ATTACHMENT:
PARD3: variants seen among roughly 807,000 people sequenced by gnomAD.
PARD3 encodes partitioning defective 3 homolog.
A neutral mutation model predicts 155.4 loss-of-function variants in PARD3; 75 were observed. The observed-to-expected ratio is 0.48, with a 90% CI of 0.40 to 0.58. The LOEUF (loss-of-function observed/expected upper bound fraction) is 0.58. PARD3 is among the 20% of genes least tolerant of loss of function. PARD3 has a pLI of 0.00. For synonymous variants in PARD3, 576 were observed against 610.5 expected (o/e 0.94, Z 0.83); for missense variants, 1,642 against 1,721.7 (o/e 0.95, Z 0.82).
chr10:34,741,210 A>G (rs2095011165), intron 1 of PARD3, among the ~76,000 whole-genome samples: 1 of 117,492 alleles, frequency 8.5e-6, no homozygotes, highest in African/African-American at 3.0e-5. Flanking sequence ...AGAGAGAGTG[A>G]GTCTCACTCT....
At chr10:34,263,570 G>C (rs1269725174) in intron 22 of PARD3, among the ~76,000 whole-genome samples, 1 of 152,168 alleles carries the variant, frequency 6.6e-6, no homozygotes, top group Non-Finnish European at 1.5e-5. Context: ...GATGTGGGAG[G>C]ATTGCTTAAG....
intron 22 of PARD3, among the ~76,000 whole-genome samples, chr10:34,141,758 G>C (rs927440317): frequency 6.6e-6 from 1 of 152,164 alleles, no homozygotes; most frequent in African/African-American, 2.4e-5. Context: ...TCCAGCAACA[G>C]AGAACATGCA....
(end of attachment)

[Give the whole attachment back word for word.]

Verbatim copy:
PARD3: variants seen among roughly 807,000 people sequenced by gnomAD.
PARD3 encodes partitioning defective 3 homolog.
A neutral mutation model predicts 155.4 loss-of-function variants in PARD3; 75 were observed. The observed-to-expected ratio is 0.48, with a 90% CI of 0.40 to 0.58. The LOEUF (loss-of-function observed/expected upper bound fraction) is 0.58. PARD3 is among the 20% of genes least tolerant of loss of function. PARD3 has a pLI of 0.00. For synonymous variants in PARD3, 576 were observed against 610.5 expected (o/e 0.94, Z 0.83); for missense variants, 1,642 against 1,721.7 (o/e 0.95, Z 0.82).
chr10:34,741,210 A>G (rs2095011165), intron 1 of PARD3, among the ~76,000 whole-genome samples: 1 of 117,492 alleles, frequency 8.5e-6, no homozygotes, highest in African/African-American at 3.0e-5. Flanking sequence ...AGAGAGAGTG[A>G]GTCTCACTCT....
At chr10:34,263,570 G>C (rs1269725174) in intron 22 of PARD3, among the ~76,000 whole-genome samples, 1 of 152,168 alleles carries the variant, frequency 6.6e-6, no homozygotes, top group Non-Finnish European at 1.5e-5. Context: ...GATGTGGGAG[G>C]ATTGCTTAAG....
intron 22 of PARD3, among the ~76,000 whole-genome samples, chr10:34,141,758 G>C (rs927440317): frequency 6.6e-6 from 1 of 152,164 alleles, no homozygotes; most frequent in African/African-American, 2.4e-5. Context: ...TCCAGCAACA[G>C]AGAACATGCA....